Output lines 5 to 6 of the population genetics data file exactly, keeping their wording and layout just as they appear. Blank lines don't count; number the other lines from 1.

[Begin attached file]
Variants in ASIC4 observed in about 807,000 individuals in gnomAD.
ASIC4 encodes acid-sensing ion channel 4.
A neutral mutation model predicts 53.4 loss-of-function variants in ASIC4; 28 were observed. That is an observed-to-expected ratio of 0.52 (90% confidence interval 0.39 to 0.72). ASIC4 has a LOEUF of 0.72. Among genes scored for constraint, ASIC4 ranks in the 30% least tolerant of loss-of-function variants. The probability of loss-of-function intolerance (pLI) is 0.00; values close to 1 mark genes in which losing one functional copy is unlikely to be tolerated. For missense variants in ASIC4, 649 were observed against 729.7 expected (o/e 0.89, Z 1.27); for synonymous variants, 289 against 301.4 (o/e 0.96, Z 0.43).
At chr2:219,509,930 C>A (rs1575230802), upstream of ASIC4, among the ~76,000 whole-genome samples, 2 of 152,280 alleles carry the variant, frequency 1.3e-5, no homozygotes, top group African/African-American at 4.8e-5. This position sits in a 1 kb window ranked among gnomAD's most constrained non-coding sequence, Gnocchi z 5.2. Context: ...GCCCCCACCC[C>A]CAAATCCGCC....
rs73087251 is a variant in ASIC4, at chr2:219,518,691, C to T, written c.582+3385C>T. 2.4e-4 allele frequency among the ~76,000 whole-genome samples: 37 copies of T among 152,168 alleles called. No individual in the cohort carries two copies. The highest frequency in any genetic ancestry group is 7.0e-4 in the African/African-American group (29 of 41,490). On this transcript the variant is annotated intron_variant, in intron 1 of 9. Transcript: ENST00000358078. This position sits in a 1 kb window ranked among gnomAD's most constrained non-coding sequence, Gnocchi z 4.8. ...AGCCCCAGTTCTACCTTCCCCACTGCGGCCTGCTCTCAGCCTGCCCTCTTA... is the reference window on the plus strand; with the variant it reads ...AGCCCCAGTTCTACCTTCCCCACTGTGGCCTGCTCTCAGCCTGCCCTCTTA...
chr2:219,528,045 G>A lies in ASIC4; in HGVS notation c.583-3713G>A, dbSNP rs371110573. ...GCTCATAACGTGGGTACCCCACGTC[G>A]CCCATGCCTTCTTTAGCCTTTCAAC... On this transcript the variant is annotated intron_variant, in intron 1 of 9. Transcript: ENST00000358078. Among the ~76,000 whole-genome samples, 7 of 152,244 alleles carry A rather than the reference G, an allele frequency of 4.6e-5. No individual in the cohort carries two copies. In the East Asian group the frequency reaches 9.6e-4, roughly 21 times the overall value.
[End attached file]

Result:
rs73087251 is a variant in ASIC4, at chr2:219,518,691, C to T, written c.582+3385C>T. 2.4e-4 allele frequency among the ~76,000 whole-genome samples: 37 copies of T among 152,168 alleles called. No individual in the cohort carries two copies. The highest frequency in any genetic ancestry group is 7.0e-4 in the African/African-American group (29 of 41,490). On this transcript the variant is annotated intron_variant, in intron 1 of 9. Transcript: ENST00000358078. This position sits in a 1 kb window ranked among gnomAD's most constrained non-coding sequence, Gnocchi z 4.8. ...AGCCCCAGTTCTACCTTCCCCACTGCGGCCTGCTCTCAGCCTGCCCTCTTA... is the reference window on the plus strand; with the variant it reads ...AGCCCCAGTTCTACCTTCCCCACTGTGGCCTGCTCTCAGCCTGCCCTCTTA...
chr2:219,528,045 G>A lies in ASIC4; in HGVS notation c.583-3713G>A, dbSNP rs371110573. ...GCTCATAACGTGGGTACCCCACGTC[G>A]CCCATGCCTTCTTTAGCCTTTCAAC... On this transcript the variant is annotated intron_variant, in intron 1 of 9. Transcript: ENST00000358078. Among the ~76,000 whole-genome samples, 7 of 152,244 alleles carry A rather than the reference G, an allele frequency of 4.6e-5. No individual in the cohort carries two copies. In the East Asian group the frequency reaches 9.6e-4, roughly 21 times the overall value.